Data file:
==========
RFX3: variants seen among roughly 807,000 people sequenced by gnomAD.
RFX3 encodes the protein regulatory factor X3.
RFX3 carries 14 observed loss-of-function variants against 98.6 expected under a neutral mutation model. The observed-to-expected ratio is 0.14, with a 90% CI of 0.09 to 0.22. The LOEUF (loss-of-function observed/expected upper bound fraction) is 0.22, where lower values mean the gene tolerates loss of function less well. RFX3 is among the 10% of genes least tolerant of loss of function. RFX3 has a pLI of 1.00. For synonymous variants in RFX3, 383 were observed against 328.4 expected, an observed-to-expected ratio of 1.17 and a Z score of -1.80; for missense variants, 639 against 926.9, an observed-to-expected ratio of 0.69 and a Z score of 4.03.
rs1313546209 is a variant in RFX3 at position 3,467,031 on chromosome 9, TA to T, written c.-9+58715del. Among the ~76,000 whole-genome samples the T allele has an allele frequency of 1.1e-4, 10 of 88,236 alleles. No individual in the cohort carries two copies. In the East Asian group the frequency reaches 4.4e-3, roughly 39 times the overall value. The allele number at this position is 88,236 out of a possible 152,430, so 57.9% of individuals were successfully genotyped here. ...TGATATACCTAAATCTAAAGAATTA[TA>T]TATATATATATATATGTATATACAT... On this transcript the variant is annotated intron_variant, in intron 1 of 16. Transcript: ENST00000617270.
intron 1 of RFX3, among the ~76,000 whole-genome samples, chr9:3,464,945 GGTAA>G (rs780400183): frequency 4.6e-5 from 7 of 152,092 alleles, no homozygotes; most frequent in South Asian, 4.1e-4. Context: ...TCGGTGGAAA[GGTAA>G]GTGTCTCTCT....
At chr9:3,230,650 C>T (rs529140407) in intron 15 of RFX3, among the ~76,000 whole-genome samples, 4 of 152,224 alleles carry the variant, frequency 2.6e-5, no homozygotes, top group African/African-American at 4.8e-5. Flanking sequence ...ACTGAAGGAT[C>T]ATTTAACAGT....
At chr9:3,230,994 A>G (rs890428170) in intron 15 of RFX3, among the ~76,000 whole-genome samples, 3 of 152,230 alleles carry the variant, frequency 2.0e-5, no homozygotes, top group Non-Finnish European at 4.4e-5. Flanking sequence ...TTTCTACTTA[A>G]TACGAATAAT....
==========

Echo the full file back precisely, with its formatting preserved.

RFX3: variants seen among roughly 807,000 people sequenced by gnomAD.
RFX3 encodes the protein regulatory factor X3.
RFX3 carries 14 observed loss-of-function variants against 98.6 expected under a neutral mutation model. The observed-to-expected ratio is 0.14, with a 90% CI of 0.09 to 0.22. The LOEUF (loss-of-function observed/expected upper bound fraction) is 0.22, where lower values mean the gene tolerates loss of function less well. RFX3 is among the 10% of genes least tolerant of loss of function. RFX3 has a pLI of 1.00. For synonymous variants in RFX3, 383 were observed against 328.4 expected, an observed-to-expected ratio of 1.17 and a Z score of -1.80; for missense variants, 639 against 926.9, an observed-to-expected ratio of 0.69 and a Z score of 4.03.
rs1313546209 is a variant in RFX3 at position 3,467,031 on chromosome 9, TA to T, written c.-9+58715del. Among the ~76,000 whole-genome samples the T allele has an allele frequency of 1.1e-4, 10 of 88,236 alleles. No individual in the cohort carries two copies. In the East Asian group the frequency reaches 4.4e-3, roughly 39 times the overall value. The allele number at this position is 88,236 out of a possible 152,430, so 57.9% of individuals were successfully genotyped here. ...TGATATACCTAAATCTAAAGAATTA[TA>T]TATATATATATATATGTATATACAT... On this transcript the variant is annotated intron_variant, in intron 1 of 16. Transcript: ENST00000617270.
intron 1 of RFX3, among the ~76,000 whole-genome samples, chr9:3,464,945 GGTAA>G (rs780400183): frequency 4.6e-5 from 7 of 152,092 alleles, no homozygotes; most frequent in South Asian, 4.1e-4. Context: ...TCGGTGGAAA[GGTAA>G]GTGTCTCTCT....
At chr9:3,230,650 C>T (rs529140407) in intron 15 of RFX3, among the ~76,000 whole-genome samples, 4 of 152,224 alleles carry the variant, frequency 2.6e-5, no homozygotes, top group African/African-American at 4.8e-5. Flanking sequence ...ACTGAAGGAT[C>T]ATTTAACAGT....
At chr9:3,230,994 A>G (rs890428170) in intron 15 of RFX3, among the ~76,000 whole-genome samples, 3 of 152,230 alleles carry the variant, frequency 2.0e-5, no homozygotes, top group Non-Finnish European at 4.4e-5. Flanking sequence ...TTTCTACTTA[A>G]TACGAATAAT....